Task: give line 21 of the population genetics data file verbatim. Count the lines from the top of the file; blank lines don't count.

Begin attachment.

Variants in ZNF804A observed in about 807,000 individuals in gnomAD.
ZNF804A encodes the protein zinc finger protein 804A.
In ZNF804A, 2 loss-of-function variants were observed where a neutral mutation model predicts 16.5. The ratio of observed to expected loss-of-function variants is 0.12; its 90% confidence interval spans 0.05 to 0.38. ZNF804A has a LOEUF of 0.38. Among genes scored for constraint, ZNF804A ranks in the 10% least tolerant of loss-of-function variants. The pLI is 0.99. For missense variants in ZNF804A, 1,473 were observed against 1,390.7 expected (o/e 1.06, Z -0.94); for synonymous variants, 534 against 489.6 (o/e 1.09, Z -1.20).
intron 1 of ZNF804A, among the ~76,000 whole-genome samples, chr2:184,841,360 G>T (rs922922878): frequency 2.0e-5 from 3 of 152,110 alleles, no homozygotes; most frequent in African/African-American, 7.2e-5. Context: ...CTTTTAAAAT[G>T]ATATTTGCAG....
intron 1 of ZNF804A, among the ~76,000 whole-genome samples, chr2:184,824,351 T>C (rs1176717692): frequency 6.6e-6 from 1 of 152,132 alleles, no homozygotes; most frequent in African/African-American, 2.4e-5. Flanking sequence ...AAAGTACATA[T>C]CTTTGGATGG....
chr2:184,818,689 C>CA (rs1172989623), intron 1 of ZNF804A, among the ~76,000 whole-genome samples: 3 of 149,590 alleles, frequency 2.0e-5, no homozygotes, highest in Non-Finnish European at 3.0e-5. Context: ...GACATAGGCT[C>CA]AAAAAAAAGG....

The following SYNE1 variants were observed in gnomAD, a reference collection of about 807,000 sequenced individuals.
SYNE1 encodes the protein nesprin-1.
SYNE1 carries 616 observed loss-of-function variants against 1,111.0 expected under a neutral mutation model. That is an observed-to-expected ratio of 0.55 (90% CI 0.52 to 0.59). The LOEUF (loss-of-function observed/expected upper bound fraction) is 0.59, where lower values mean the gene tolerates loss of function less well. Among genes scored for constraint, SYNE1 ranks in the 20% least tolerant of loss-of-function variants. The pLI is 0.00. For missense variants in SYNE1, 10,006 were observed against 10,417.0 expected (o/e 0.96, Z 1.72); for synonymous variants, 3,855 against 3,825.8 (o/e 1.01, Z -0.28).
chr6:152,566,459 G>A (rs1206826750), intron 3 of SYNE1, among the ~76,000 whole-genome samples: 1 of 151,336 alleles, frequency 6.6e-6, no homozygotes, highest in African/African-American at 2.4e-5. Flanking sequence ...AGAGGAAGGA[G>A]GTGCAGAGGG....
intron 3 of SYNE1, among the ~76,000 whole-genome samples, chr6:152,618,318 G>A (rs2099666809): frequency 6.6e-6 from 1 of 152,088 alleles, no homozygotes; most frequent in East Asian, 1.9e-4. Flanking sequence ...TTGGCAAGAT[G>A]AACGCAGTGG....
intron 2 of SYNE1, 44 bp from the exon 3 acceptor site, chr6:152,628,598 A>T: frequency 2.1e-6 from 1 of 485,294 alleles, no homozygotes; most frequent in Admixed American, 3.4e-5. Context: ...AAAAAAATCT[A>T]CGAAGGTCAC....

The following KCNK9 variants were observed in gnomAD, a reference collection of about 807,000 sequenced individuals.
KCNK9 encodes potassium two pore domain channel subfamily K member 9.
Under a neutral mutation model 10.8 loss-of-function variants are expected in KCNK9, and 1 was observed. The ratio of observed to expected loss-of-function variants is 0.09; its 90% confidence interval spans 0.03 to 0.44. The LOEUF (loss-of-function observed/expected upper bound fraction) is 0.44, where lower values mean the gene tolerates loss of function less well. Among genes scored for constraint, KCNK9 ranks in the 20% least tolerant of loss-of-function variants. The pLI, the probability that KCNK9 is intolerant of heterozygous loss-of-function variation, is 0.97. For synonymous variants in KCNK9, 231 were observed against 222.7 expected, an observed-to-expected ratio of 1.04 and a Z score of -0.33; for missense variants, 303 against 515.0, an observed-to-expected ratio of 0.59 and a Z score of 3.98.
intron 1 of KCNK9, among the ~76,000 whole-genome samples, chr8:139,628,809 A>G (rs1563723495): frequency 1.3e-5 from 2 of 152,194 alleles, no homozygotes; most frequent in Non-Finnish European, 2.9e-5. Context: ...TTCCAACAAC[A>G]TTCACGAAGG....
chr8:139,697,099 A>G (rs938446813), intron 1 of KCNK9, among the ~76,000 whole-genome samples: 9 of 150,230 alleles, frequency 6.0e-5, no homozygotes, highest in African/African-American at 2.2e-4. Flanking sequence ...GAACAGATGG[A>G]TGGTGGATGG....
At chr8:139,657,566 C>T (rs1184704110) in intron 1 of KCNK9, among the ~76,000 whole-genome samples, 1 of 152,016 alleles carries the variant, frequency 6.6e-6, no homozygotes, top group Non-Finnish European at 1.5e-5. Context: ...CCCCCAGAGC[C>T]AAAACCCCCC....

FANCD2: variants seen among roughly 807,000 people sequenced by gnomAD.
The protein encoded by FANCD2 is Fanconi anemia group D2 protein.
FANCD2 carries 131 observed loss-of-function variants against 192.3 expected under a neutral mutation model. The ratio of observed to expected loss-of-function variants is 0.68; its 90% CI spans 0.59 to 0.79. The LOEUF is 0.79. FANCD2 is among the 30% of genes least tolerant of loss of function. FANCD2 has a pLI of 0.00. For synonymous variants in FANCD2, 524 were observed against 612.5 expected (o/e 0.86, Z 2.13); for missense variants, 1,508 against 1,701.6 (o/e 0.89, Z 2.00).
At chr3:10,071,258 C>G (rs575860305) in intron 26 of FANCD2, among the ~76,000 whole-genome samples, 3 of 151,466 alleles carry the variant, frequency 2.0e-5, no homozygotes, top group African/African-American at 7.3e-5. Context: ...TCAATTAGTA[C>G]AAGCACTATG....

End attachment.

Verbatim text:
FANCD2 carries 131 observed loss-of-function variants against 192.3 expected under a neutral mutation model. The ratio of observed to expected loss-of-function variants is 0.68; its 90% CI spans 0.59 to 0.79. The LOEUF is 0.79. FANCD2 is among the 30% of genes least tolerant of loss of function. FANCD2 has a pLI of 0.00. For synonymous variants in FANCD2, 524 were observed against 612.5 expected (o/e 0.86, Z 2.13); for missense variants, 1,508 against 1,701.6 (o/e 0.89, Z 2.00).